Early in their tenure as farmers, the Hrdys became active with the Biologically Integrated Orchard System (BIOS), a pollution prevention program that leverages biological methods to diminish dependence on chemical farming. It was also around this time that they became acquainted with the Community Alliance with Family Farmers. “We didn’t need to be convinced of the Biologically Integrated Orchard System. We really understood there was no way pesticides were going to solve problems for farmers, and we needed Biologically Integrated Orchard Systems because we realized pests could outmaneuver whatever pesticides people came up with,” said Sarah Hrdy. “We believe in that.” As luck would have it, farmers with similar beliefs surrounded the Hrdys. Charlie Rominger, a fifth-generation Yolo County farmer and sustainable agriculture advocate who passed away in 2006, was an inspiration to Sarah and Daniel, and assisted them in developing ponds on their land for groundwater recharge purposes. John Anderson, founder of Winters-based Hedgerow Farms, helped the pair understand hedgerows. “We discovered that we liked doing those kind of projects,” stated Sarah.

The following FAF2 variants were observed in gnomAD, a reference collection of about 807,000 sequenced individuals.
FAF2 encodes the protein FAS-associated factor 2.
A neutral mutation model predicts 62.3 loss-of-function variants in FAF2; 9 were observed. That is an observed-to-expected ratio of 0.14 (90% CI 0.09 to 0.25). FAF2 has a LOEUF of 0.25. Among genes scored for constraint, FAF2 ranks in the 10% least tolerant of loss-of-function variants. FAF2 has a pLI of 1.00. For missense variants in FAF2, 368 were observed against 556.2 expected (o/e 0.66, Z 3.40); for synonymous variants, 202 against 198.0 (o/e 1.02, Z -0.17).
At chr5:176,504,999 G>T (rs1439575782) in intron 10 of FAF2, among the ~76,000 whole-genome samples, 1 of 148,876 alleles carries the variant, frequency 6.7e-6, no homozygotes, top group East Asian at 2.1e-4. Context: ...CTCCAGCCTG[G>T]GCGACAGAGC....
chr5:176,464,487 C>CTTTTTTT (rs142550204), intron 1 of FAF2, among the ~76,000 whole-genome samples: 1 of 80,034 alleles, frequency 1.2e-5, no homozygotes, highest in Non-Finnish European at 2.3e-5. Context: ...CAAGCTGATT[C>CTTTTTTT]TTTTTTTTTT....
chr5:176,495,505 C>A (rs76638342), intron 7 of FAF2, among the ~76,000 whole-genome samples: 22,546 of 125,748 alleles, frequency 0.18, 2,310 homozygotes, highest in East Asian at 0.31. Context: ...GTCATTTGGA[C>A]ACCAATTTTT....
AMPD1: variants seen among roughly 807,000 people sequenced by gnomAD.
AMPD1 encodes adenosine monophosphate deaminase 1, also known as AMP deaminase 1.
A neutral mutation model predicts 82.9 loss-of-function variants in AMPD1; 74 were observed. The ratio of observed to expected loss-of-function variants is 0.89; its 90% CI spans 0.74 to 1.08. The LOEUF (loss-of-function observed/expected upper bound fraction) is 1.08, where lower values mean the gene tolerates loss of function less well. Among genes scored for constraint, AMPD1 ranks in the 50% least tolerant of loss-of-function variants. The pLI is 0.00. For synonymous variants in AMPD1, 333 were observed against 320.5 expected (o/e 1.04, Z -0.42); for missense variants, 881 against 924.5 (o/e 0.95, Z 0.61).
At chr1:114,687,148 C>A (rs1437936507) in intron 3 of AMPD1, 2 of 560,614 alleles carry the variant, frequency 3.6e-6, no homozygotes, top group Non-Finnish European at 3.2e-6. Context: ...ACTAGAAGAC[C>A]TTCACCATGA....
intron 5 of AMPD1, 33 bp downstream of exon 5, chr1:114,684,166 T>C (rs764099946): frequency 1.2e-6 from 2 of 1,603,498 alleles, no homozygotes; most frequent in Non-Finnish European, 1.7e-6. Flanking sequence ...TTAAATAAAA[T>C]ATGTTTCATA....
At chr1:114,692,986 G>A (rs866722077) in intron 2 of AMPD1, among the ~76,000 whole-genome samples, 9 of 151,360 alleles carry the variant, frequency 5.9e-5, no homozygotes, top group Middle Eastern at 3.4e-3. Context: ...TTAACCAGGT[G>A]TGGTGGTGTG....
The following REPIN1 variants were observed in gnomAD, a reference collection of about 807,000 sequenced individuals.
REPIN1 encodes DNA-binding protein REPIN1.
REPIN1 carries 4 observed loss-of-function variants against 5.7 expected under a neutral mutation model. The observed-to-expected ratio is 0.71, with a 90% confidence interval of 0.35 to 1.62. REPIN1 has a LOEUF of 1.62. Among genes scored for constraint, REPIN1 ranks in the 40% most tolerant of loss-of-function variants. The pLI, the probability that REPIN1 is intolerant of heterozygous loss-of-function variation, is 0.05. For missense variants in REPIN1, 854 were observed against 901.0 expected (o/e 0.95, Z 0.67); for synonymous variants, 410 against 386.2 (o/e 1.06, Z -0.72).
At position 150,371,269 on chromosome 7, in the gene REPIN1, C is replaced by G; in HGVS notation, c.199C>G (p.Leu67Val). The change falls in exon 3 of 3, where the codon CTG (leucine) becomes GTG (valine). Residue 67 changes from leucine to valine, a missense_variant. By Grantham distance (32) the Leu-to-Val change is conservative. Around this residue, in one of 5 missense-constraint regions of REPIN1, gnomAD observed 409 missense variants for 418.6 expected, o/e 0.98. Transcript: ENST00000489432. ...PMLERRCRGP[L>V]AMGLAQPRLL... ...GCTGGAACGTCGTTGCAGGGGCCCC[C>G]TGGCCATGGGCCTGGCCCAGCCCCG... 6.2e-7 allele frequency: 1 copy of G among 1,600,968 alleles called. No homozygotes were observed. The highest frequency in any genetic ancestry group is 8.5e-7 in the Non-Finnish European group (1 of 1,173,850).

The Hrdys’ sustainability efforts have centered around habitat restoration. In areas neighboring their walnut fields, they have planted oak trees, including interior live oak, valley oak and blue oak. Daniel said, “When we came here, there were hardly any woodpeckers and, now, they are all over.” Sarah added, “We have had an eightfold increase in our owl population. That is partly because of putting in owl boxes, but also because of the trees. Owls are great for gopher control, and we are starting to get cottontails as well as jackrabbits.” Ten to 15 years ago, the Hrdys created eight ponds next to their orchards. The largest of the ponds has formed a five-acre wetland. “They improve the wildlife, create diversity in the vegetation and possibly increase [aquifer] recharge,” said Daniel. Sarah elaborated, “We are in the fourth year of the drought, and those ponds were full and holding their water.” Around eight years ago, the Hrdys spared a few acres of viable farmland to expand riparian corridors on either side of canals that run through crop fields. “We are starting to see the results from that,” said Sarah. Of late, Sarah and Daniel have been paying a lot of attention to hedgerows. Overall, Sarah estimated Citrona Farms has two miles of hedgerows. She said the cost of installing hedgerows is “pretty minimal” and singled out labor as the biggest one. Elderberry, coyote brush and saltbush are hedgerow plants that have performed well at Citrona Farms. The operation has also used smaller plants such as deer grass and California buckwheat. “Surprisingly, the thing that is often recommended is Ceanothus. It is a great plant, but it is very tough to get going and it has a very limited lifespan. It usually dies in about five years, and the thing about hedgerows is that it usually takes five years to get them going,” said Daniel. He continued that hedgerows need more water than he initially thought. “The ones that are getting irrigation from the orchards are better than the ones that aren’t getting water. They really respond to water,” he said. Although Daniel noted monoculture farming demands pesticide use, he said, “We use different pesticides now. We use softer pesticides. When it comes to insecticides, you are better off having beneficials around.”